Taking Texas And The Nation Back

Demanding Congress To Reverse Their Capitulation

Posted by nytexan on August 8, 2007

I received the email below from and thought you would like to sign the petition.

The Democratic-controlled Congress did the unthinkable on Saturday night: They gave President Bush and Attorney General Alberto Gonzales more unchecked power to wiretap Americans without a warrant.1 Yes, that’s the same Attorney General who is currently mired in scandal and probably committed perjury on this very issue.2

Why’d they do it? Because the president used fear to intimidate them and it worked.3

Enough is enough. We have to send a strong message to Congress that there is not rade-off between fundamental liberties and security. Preserving our Constitution is essential to our security—we can’t lead on freedom around the world when we’re actively undermining the rule of law at home.

A good place to start is by having hundreds of thousands of us sign on to this petition demanding that Congress reverse their capitulation to Bush and the politics of fear. If enough of us speak out we’ll send a clear message that Americans aren’t buying the administration’s scare tactics.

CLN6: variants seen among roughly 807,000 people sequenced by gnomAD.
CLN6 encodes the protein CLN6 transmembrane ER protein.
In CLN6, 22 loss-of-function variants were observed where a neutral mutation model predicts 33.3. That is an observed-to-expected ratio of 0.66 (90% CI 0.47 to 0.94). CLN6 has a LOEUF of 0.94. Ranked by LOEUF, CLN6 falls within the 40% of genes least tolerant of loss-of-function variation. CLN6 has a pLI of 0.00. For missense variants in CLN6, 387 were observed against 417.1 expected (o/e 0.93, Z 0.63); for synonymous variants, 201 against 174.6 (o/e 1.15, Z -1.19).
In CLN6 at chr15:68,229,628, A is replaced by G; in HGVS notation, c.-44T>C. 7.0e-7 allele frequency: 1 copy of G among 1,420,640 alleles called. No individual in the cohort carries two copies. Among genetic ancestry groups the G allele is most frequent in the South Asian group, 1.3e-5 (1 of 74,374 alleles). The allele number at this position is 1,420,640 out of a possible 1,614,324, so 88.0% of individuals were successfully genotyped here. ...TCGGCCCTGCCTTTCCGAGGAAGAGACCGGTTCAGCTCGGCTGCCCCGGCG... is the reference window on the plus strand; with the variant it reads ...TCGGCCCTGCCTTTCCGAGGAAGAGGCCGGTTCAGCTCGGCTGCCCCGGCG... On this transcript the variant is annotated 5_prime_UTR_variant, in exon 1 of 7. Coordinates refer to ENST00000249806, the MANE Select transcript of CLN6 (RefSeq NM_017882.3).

We’ll make sure to deliver your comments to your representative and senators within the week.

The President used fear of another terrorist attack to bully Congress into giving him more unchecked power and they gave in to his scare tactics. While most Democrats voted against these expanded powers, Democratic leaders in Congress didn’t put up much of a fight and they didn’t stand up and say ‘no’ to Bush. We’ve seen this play out before—most notably when almost every member of Congress voted for the Patriot Act—many without even reading it.4

They do this because they’re afraid of being seen as weak on security—and because they buy the conventional wisdom that voters don’t really care about constitutional freedoms. If enough of us sign, we can make it plain just how broad support for preserving the Constitution is.